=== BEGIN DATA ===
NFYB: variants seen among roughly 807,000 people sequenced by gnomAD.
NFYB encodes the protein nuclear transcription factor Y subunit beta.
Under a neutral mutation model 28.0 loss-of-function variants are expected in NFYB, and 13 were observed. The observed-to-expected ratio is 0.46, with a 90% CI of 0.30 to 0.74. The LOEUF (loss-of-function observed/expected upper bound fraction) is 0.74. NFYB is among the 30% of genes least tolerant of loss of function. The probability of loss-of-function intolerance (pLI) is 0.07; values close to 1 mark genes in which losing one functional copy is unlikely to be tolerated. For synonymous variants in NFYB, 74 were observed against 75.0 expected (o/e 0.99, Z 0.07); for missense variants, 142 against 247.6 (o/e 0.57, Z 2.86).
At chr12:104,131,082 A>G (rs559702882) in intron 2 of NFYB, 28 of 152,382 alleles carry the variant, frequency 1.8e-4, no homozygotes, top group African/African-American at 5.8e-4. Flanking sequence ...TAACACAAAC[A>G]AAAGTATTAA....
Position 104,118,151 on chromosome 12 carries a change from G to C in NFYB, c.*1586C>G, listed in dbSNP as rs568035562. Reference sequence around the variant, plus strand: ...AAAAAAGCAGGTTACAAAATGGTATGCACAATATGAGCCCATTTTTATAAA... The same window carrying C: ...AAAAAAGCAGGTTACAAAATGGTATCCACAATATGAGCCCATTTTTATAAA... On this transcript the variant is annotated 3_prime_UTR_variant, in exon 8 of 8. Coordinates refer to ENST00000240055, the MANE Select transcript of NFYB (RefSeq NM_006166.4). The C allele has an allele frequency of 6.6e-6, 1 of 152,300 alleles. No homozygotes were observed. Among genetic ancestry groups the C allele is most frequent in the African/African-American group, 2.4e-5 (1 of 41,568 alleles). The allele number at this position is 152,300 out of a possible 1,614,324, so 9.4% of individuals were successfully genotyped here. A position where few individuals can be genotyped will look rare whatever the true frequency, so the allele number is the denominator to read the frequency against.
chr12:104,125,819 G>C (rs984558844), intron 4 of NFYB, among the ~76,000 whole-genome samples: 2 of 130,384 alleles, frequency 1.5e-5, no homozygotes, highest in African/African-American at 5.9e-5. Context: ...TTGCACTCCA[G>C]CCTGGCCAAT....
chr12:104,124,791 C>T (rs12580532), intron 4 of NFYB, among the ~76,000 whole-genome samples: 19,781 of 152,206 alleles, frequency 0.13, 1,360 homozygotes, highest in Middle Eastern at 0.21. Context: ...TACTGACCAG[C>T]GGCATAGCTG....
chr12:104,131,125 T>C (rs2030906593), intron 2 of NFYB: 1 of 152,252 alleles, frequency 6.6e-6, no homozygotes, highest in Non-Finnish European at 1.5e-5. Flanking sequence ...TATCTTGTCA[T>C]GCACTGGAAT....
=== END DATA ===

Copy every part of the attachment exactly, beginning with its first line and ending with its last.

NFYB: variants seen among roughly 807,000 people sequenced by gnomAD.
NFYB encodes the protein nuclear transcription factor Y subunit beta.
Under a neutral mutation model 28.0 loss-of-function variants are expected in NFYB, and 13 were observed. The observed-to-expected ratio is 0.46, with a 90% CI of 0.30 to 0.74. The LOEUF (loss-of-function observed/expected upper bound fraction) is 0.74. NFYB is among the 30% of genes least tolerant of loss of function. The probability of loss-of-function intolerance (pLI) is 0.07; values close to 1 mark genes in which losing one functional copy is unlikely to be tolerated. For synonymous variants in NFYB, 74 were observed against 75.0 expected (o/e 0.99, Z 0.07); for missense variants, 142 against 247.6 (o/e 0.57, Z 2.86).
At chr12:104,131,082 A>G (rs559702882) in intron 2 of NFYB, 28 of 152,382 alleles carry the variant, frequency 1.8e-4, no homozygotes, top group African/African-American at 5.8e-4. Flanking sequence ...TAACACAAAC[A>G]AAAGTATTAA....
Position 104,118,151 on chromosome 12 carries a change from G to C in NFYB, c.*1586C>G, listed in dbSNP as rs568035562. Reference sequence around the variant, plus strand: ...AAAAAAGCAGGTTACAAAATGGTATGCACAATATGAGCCCATTTTTATAAA... The same window carrying C: ...AAAAAAGCAGGTTACAAAATGGTATCCACAATATGAGCCCATTTTTATAAA... On this transcript the variant is annotated 3_prime_UTR_variant, in exon 8 of 8. Coordinates refer to ENST00000240055, the MANE Select transcript of NFYB (RefSeq NM_006166.4). The C allele has an allele frequency of 6.6e-6, 1 of 152,300 alleles. No homozygotes were observed. Among genetic ancestry groups the C allele is most frequent in the African/African-American group, 2.4e-5 (1 of 41,568 alleles). The allele number at this position is 152,300 out of a possible 1,614,324, so 9.4% of individuals were successfully genotyped here. A position where few individuals can be genotyped will look rare whatever the true frequency, so the allele number is the denominator to read the frequency against.
chr12:104,125,819 G>C (rs984558844), intron 4 of NFYB, among the ~76,000 whole-genome samples: 2 of 130,384 alleles, frequency 1.5e-5, no homozygotes, highest in African/African-American at 5.9e-5. Context: ...TTGCACTCCA[G>C]CCTGGCCAAT....
chr12:104,124,791 C>T (rs12580532), intron 4 of NFYB, among the ~76,000 whole-genome samples: 19,781 of 152,206 alleles, frequency 0.13, 1,360 homozygotes, highest in Middle Eastern at 0.21. Context: ...TACTGACCAG[C>T]GGCATAGCTG....
chr12:104,131,125 T>C (rs2030906593), intron 2 of NFYB: 1 of 152,252 alleles, frequency 6.6e-6, no homozygotes, highest in Non-Finnish European at 1.5e-5. Flanking sequence ...TATCTTGTCA[T>C]GCACTGGAAT....